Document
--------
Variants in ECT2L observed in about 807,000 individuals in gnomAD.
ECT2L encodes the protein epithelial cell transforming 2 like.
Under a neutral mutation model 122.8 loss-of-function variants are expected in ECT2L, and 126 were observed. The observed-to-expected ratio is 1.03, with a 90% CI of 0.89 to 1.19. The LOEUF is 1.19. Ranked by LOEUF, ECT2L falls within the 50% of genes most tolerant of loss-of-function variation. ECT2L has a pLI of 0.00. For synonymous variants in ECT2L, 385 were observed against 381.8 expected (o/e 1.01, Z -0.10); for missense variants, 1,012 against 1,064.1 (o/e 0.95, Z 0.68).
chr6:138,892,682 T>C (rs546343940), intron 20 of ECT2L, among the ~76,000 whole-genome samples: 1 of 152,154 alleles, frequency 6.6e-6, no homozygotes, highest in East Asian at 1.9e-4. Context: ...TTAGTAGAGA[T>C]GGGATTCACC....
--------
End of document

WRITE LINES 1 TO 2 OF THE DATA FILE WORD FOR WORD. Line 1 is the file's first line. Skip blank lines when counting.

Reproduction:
Variants in ECT2L observed in about 807,000 individuals in gnomAD.
ECT2L encodes the protein epithelial cell transforming 2 like.